Mr Titchener-Barrett: I think that is an ignorant position to take, naïve in the extreme. I would draw a very clear distinction between selling in the secondary ticket market and ticket touting. There is a clear distinction and today all we have heard is emotional arguments based on the very worst aspects of ticket touting. We have not actually heard the other side of the story about the movements we have taken in-house to try and regulate and improve our image. I do not think that is a fair assumption. That is a very one-sided, one-eyed view of the industry.
Q79 Alan Keen: I was talking about the people outside football grounds selling tickets.
Mr Titchener-Barrett: Again, I would draw a very clear distinction between the individuals that we have here and the people that my organisation represents and those people that represent those kinds of persons. My personal opinion is that is the unacceptable face of the secondary ticket market. In fact, I would call it a tertiary market; I would not actually include them as part of the secondary market. I would say it is a tertiary market operating under their own remit.
Mr Baker: I think what you are hearing from your constituents highlights a lot of what we have heard here today, which is that where fans are unhappy it is because you deal with people who give you fraudulent tickets. It is not safe and secure, it is not guaranteed and they do not know who they are dealing with. Whether you are buying a ticket, a car, a piece of art or any good, if you are dealing with someone like that, you probably would call someone like that "scum". What we have tried to do at viagogo is create a safe, secure, guaranteed online mechanism so the fans that we work with, be it at Manchester United, Everton or Chelsea, are very happy that they do not have to deal with these characters outside the stadium, and when you give consumers a safe, secure alternative, you can eliminate the type of shenanigans that go on outside a stadium.
Mr Cohen: I would like to add to that, I think it probably helps the Committee if we explain how Seatwave works as well. Seatwave is a marketplace where people can buy and sell tickets and we provide a guarantee that we call a ticket integrity guarantee, which means that you will receive exactly the ticket that you purchased on the site in good time for the event and, if you do not, we will give you a 150% refund on your money. The other thing we provide is something called ticket cover, which is an insurance product that we have underwritten, which means - and actually, Mr Goldsmith was wrong about this - that if there are traffic delays on the way to an event, if there is rail disruption, if you are injured, if you have illness or death in the family, you will get a 100% refund for your ticket. If the event is cancelled and rescheduled at a time that you cannot attend or it is not rescheduled at all, you will get a 100% refund not only on the price of the ticket but on any market that was involved and any booking fees involved, and that is at no additional cost to consumers; we underwrite and pay for that entire cost. There is no-one in this room who can say that they do the same thing to protect consumers in the way that Seatwave does.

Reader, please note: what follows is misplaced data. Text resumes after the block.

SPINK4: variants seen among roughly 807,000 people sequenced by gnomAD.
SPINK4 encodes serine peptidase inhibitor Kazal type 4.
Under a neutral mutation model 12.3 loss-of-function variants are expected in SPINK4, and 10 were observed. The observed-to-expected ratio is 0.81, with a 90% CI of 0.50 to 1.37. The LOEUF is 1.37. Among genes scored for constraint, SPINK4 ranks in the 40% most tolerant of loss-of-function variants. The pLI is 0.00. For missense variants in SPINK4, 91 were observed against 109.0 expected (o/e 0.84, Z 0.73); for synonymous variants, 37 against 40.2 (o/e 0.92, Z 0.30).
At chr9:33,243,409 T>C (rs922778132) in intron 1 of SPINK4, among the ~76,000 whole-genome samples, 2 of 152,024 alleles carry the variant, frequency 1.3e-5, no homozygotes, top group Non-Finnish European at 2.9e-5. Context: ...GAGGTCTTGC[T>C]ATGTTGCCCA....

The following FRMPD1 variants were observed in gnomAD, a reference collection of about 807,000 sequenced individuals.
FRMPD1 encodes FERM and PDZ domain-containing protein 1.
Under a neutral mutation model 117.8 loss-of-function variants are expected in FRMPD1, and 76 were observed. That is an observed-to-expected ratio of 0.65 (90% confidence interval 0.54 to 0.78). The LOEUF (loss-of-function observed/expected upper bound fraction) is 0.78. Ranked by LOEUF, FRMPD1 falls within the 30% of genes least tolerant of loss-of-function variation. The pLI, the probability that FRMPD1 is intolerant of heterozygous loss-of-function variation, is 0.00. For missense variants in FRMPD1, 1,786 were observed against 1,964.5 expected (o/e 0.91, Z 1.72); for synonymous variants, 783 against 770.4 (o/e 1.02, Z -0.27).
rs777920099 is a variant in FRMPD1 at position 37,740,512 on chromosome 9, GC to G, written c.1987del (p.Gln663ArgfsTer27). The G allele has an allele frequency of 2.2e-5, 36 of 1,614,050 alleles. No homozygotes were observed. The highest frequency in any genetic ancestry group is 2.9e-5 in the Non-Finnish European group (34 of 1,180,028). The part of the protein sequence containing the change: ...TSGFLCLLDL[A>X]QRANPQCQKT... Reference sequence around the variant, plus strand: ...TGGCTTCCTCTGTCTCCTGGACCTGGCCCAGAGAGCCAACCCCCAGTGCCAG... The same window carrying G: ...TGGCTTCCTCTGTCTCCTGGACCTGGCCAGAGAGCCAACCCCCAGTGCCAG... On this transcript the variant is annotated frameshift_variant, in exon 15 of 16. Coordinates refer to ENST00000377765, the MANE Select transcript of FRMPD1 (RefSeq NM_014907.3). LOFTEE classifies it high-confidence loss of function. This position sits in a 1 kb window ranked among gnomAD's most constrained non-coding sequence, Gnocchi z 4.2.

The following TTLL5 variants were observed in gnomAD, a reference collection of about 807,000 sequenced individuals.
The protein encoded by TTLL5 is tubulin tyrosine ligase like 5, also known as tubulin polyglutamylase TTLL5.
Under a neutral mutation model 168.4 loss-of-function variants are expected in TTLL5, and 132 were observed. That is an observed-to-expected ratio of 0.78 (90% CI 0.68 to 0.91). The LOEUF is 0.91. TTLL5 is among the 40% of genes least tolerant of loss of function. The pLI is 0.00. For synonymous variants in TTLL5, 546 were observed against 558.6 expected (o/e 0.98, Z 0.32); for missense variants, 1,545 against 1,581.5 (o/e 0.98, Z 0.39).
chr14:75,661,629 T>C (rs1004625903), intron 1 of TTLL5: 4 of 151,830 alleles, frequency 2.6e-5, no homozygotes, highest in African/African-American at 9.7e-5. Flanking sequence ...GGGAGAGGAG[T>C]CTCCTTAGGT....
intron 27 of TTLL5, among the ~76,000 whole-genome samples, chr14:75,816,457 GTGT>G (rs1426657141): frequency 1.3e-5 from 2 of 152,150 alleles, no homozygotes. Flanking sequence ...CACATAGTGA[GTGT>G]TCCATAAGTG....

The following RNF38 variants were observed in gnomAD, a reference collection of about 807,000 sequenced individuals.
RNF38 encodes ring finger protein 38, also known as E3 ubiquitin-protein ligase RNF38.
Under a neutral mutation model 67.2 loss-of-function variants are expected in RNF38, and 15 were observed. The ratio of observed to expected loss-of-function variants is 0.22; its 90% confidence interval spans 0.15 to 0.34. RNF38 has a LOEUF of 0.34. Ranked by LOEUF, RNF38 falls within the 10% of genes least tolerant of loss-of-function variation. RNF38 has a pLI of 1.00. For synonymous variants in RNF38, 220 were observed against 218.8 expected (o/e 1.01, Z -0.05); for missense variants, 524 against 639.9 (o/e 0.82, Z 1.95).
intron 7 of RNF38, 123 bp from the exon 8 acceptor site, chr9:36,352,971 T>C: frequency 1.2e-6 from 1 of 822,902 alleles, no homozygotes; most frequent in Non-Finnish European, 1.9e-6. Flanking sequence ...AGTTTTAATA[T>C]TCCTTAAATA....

Mr Burns: With respect to my colleague Mr Cohen, ASTA was formed, as many people are aware, to really create an aura of confidence within the secondary market and these guidelines that Mr Cohen talks about are exactly the guidelines that we adopted as an association off the back of the guidelines used by the National Association of Ticket Brokers in America, with whom we are associated.
Q80 Alan Keen: At least some of you sell tickets above their face value, which is against the terms and conditions of those tickets. How do you justify that? Are you happy about breaking those terms and conditions?
Mr Titchener-Barrett: I think we in Britain live in a western pluralist liberal democracy where the free market reins. We live in a laissez-faire world of economics.
Q81 Mr Sanders: So does the rule of law.
Mr Titchener-Barrett: What difference does it make if one in five houses in London are now owned by property investors? In my opinion, it is a free-market investment. Why should people not be able to buy and sell? To enforce it would be extremely difficult.
Mr Baker: I think, again, it is important to realise that people should be free to buy and sell and, of course, we do live in a rule of law country, which we all obey. Our point of view on it is that consumer protection is very important in this country and there are very strong consumer protection laws that protect the consumer and mean that only certain terms and conditions are enforceable and fair, and simply because someone puts a term or condition on, if it violates a consumer's right, for example, that they have purchased something and they have the right to sell it on, we do not think that would be enforceable but certainly people have the remedy of the courts if they would wish to test that and they believe their terms and conditions are enforceable. We believe the proper forum would be the court.